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BizReport : Blogs & Content archives : July 07, 2010

Is Gannett's paywall test the answer for newspaper revenue problems?

Over the holiday weekend, newspaper company Gannett tested a paywall on three local newspapers. People logging on to The Greenville (South Carolina) News, The Spectrum (St. George, Utah) and The Tallahassee Democrat were presented with a new $9.95 monthly subscription rather for online-only access to headlines and information.

by Kristina Knight

gannett.jpgThose who already have print subscriptions with Gannett Company newspaperswere presented with different rates depending on their location.

Why the test? Newspaper print subscription revenues have been steadily declining for several years; as newspaper publishers scramble to find ways to regain the lost revenue paywalls have become an option. Several studies show that consumers are willing to pay for online content as long as the content is unique in some way.

In the UK, the Sunday Times and sister newspaper The Times have launched paywalls for their content. Several other newspaper organizations, both in the US and across the globe, have begun testing paywalls.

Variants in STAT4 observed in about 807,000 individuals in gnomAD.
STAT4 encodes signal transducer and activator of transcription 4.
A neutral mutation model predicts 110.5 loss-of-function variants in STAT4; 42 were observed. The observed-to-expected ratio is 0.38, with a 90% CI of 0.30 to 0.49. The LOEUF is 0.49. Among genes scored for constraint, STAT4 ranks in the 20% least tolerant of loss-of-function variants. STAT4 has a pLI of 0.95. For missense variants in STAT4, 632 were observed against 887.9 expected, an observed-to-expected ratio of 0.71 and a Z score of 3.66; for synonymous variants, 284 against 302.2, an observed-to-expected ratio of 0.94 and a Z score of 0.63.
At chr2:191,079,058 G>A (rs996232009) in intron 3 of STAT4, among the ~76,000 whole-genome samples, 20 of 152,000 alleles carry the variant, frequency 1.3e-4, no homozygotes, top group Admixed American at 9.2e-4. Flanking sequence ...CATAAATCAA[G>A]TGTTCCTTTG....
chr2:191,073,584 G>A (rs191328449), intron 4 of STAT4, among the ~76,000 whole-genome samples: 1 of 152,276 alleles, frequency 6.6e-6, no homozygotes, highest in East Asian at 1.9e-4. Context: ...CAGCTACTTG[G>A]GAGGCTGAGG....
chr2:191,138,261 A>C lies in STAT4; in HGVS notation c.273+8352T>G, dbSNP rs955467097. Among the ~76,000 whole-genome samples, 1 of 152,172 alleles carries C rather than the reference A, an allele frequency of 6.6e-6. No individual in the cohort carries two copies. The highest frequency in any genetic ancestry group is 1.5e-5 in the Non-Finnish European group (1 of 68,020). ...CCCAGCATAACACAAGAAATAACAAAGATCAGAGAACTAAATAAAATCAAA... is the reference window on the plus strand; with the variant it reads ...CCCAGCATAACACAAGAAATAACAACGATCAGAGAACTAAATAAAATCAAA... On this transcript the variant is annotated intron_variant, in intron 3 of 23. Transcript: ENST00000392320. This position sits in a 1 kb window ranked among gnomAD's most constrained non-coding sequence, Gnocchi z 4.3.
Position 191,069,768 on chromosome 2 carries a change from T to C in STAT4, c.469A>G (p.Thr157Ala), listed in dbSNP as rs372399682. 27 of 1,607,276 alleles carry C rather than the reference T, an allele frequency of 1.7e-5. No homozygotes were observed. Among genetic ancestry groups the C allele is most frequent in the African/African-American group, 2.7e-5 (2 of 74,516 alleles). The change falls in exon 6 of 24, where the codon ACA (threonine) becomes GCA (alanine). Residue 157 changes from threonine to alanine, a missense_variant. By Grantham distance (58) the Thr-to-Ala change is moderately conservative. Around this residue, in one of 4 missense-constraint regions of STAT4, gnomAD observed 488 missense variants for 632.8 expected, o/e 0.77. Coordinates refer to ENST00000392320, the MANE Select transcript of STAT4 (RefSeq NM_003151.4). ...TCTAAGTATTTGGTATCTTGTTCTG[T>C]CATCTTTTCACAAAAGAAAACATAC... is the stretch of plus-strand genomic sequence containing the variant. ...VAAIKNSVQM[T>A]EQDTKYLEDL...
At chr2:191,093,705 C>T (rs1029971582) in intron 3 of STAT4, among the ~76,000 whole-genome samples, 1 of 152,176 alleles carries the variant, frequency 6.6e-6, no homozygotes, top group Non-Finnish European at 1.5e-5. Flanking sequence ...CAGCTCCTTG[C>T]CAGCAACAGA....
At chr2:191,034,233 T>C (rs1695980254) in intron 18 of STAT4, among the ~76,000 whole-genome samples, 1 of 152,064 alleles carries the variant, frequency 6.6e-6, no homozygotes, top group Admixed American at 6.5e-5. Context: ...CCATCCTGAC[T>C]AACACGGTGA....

It is, of course, too early to determine if the soft test is the answer for the Gannett Company or other publishers.

The key for pay-for-content models is the way the content and subscriptions are marketed. As those post studies indicate, consumers who pay for a subscription expect to get 'more' than the typical crime beat reports and news-of-the-day offerings from their local papers. Other studies which show that consumers will not pay for online content.

In January the Harris Poll and AdWeek Media released results which showed that 77% of respondents would not pay for online content. Of the 19% willing to pay-to-read, the max price per month was found to be $10.

Tags: AdWeekMedia, content marketing, Gannett Company, Harris Poll, newspapers, online content, paid content, pay for content

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